As Manji rightly says, God’s post is already filled and there is no vacancy. So let’s stop playing God, reiterates Sarajun Hoda Abdul Hassan.
BFM Radio interviews Rizal Hamdan, Soon Chuan Yean and Kartini Aboo Talib about a new book titled ‘New Malaysian Political Discourses’.
The Malaysia government should respect the right to free expression and immediately reverse its ban on a book, Allah, Liberty and Love, by Canadian Muslim writer Irshad Manji, Human Rights Watch has said.
Is Mahathir a maverick, machiavellian in his ways or merely mainstream? That’s the question Maznah Mohamad poses in her review of Barry Wain’s book ‘Malaysian Maverick: Mahathir Mohamad in Turbulent Times’.
We have been informed that Barry Wain’s book, “Malaysian Maverick: Mahathir Mohamad in Turbulent Times”, apparently has been held up by Malaysian authorities.
Bhanoji Rao reviews a new book looking at the emergence of India and the Indian communities in East Asia.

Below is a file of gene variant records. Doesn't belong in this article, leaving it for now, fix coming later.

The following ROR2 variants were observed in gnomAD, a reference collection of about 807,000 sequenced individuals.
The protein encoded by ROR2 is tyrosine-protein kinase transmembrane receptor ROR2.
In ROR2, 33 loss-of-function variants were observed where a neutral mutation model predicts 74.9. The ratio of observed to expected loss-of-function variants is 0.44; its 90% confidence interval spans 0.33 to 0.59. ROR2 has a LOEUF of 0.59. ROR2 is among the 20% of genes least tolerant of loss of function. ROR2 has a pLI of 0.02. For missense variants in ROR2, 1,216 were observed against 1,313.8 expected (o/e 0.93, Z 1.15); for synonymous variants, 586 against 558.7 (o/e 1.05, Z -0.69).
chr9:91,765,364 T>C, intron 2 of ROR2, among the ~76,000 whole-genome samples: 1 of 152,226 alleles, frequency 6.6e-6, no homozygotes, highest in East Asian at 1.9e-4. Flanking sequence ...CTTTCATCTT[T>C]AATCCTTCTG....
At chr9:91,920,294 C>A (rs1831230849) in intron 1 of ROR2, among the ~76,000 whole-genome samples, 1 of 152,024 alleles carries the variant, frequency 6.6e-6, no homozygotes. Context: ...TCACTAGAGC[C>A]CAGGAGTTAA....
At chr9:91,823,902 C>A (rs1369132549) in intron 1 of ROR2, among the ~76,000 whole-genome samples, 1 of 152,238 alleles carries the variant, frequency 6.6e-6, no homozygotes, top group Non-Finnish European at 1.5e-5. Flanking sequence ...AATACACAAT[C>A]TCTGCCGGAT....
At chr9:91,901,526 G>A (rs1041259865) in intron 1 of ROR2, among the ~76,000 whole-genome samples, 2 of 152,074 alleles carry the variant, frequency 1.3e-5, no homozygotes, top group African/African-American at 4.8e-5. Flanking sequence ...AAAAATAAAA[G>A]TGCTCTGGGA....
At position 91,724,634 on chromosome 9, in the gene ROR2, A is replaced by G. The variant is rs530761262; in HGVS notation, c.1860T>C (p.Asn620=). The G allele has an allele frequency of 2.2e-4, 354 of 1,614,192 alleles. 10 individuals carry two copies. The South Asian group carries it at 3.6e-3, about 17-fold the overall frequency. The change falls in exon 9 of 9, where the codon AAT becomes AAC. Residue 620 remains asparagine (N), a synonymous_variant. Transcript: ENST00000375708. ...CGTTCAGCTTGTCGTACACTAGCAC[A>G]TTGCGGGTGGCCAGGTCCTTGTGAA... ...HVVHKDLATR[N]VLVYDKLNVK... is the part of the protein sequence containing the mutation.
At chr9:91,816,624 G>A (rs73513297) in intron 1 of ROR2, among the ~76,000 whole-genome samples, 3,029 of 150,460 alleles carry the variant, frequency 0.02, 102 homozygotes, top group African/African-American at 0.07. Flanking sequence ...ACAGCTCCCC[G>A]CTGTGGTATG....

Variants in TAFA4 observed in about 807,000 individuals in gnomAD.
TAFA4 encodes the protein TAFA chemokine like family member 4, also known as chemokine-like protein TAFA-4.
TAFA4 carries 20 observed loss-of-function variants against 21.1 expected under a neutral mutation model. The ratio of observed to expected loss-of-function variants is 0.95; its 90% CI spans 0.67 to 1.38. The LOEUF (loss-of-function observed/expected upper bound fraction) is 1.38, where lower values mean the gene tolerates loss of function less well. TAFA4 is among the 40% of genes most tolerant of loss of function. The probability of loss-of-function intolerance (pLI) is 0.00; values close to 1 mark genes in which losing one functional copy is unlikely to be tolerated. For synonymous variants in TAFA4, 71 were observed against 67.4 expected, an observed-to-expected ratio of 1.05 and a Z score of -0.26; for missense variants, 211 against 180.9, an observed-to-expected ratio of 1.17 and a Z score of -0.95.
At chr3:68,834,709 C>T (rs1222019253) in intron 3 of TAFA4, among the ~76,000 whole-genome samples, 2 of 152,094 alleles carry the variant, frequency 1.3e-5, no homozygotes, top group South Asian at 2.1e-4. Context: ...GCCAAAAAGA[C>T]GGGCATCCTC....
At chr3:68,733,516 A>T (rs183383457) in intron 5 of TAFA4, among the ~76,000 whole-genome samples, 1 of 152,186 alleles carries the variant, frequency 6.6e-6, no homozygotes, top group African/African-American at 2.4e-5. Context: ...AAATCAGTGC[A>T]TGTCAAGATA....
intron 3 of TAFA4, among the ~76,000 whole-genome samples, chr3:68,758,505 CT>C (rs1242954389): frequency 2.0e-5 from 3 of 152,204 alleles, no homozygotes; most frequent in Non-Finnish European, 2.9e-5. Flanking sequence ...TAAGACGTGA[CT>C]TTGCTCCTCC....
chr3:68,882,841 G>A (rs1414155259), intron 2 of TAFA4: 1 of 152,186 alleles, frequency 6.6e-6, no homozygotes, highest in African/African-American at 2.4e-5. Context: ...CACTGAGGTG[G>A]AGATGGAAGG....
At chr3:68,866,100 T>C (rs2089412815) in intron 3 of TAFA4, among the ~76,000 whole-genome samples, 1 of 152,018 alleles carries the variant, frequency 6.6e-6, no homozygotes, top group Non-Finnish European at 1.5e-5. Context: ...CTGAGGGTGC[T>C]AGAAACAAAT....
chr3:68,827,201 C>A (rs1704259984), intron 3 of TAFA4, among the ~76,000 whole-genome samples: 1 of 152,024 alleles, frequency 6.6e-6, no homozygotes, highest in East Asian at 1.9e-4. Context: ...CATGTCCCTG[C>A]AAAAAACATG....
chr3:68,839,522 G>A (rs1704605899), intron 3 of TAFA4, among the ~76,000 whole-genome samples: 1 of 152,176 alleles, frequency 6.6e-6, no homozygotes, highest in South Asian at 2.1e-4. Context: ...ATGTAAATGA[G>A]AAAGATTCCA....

A leading bookstore in Kuala Lumpur has stopped selling a book written by Farish Noor, pending an investigation by the Home Ministry. The entire stock of the book, From Majapahit to Putrajaya, was confiscated from Kinokuniya’s KLCC outlet on 15 Aug 2008 by officers from the ministry’s Selangor office in a regular annual inspection. Other book titles, mostly on religion, were also seized. The Nut Graph has the report.
Did Tun Ismail preside over a golden age of democracy and liberalism? An Aliran Monthly reader finds Johan Saravanamuttu’s review of Ooi Kee Beng’s book on the late Tun Dr Ismail rather disturbing. Johan responds and, in the process of this debate about memory and politics, we gain further insights into the man who could have been prime minister and his times.
On a lighter note, Khoo Boo Teik reviews a book on a subject close to our hearts – or rather stomachs: Penang food, one of the few things here we can claim to be world-class! Anyone using Rasa-Rasa Penang will find it a wonderful eating-out guide filled with lovely photographs of dishes and spreads, chefs, stall-keepers and restaurateurs; simple and clear maps; and brief but accurate descriptions of what to expect.
After a heated debate in Parliament over the textbook or guidebook for the Ethnic Relations course at Universiti Putra Malaysia, Prime Minister Abdullah Badawi’s Cabinet decided to withdraw the book. It was a slap in the face of Higher Education Minister Mustapa Mohamed for inexplicably defending what Lim Kit Siang characterised as “the indefensible”. Many Malaysians are no doubt relieved over the Cabinet’s decision.